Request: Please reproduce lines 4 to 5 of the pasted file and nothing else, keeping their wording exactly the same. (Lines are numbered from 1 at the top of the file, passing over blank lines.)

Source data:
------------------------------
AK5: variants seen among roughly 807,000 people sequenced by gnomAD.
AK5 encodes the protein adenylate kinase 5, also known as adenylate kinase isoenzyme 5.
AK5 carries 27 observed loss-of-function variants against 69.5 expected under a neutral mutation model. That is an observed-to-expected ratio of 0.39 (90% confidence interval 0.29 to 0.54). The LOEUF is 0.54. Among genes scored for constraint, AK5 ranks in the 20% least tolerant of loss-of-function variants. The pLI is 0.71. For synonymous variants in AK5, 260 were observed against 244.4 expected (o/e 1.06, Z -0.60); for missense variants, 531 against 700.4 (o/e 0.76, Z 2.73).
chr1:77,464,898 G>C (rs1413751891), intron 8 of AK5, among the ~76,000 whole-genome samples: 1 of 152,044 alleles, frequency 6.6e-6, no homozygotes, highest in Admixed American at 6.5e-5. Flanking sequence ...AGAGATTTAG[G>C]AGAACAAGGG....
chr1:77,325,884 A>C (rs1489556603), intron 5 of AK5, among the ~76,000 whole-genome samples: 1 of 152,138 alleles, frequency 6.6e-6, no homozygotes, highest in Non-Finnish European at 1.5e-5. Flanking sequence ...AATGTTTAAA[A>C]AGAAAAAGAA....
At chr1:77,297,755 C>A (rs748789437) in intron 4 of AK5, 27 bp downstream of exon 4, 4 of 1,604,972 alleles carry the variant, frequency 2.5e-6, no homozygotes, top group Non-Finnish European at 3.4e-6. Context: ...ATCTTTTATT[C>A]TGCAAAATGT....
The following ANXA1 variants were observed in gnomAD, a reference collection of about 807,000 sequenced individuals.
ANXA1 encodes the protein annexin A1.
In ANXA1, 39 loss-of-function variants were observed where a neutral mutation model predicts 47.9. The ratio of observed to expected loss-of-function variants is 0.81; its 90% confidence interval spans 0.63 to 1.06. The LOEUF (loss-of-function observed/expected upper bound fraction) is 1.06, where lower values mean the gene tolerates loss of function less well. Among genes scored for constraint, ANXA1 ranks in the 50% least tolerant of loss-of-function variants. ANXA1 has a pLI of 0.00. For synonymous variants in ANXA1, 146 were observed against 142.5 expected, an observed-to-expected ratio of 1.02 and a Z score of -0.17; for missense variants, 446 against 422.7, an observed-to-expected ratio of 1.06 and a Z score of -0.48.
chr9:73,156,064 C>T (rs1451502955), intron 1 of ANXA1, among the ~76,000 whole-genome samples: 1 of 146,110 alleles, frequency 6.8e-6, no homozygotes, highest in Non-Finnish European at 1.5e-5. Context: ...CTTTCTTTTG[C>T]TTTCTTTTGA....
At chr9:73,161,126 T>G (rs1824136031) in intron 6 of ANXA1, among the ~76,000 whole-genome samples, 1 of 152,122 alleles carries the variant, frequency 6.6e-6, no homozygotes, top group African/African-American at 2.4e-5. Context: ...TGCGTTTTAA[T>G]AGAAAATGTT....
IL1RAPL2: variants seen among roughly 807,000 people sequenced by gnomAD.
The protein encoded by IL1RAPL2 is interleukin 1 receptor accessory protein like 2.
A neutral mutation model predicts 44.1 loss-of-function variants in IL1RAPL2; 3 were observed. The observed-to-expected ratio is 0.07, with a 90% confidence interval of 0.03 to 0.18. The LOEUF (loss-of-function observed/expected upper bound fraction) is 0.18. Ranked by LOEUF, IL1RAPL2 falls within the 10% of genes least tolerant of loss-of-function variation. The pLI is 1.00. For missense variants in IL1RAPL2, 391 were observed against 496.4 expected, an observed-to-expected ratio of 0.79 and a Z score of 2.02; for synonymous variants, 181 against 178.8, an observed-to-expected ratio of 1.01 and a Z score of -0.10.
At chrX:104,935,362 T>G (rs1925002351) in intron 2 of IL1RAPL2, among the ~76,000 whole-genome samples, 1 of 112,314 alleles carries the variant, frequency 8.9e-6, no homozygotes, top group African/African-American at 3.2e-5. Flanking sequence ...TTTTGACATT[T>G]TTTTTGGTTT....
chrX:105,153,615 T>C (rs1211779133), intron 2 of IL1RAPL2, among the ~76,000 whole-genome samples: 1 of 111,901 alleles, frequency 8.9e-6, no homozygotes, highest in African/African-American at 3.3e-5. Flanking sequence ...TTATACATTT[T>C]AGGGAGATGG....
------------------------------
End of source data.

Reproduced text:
chr1:77,464,898 G>C (rs1413751891), intron 8 of AK5, among the ~76,000 whole-genome samples: 1 of 152,044 alleles, frequency 6.6e-6, no homozygotes, highest in Admixed American at 6.5e-5. Flanking sequence ...AGAGATTTAG[G>C]AGAACAAGGG....
chr1:77,325,884 A>C (rs1489556603), intron 5 of AK5, among the ~76,000 whole-genome samples: 1 of 152,138 alleles, frequency 6.6e-6, no homozygotes, highest in Non-Finnish European at 1.5e-5. Flanking sequence ...AATGTTTAAA[A>C]AGAAAAAGAA....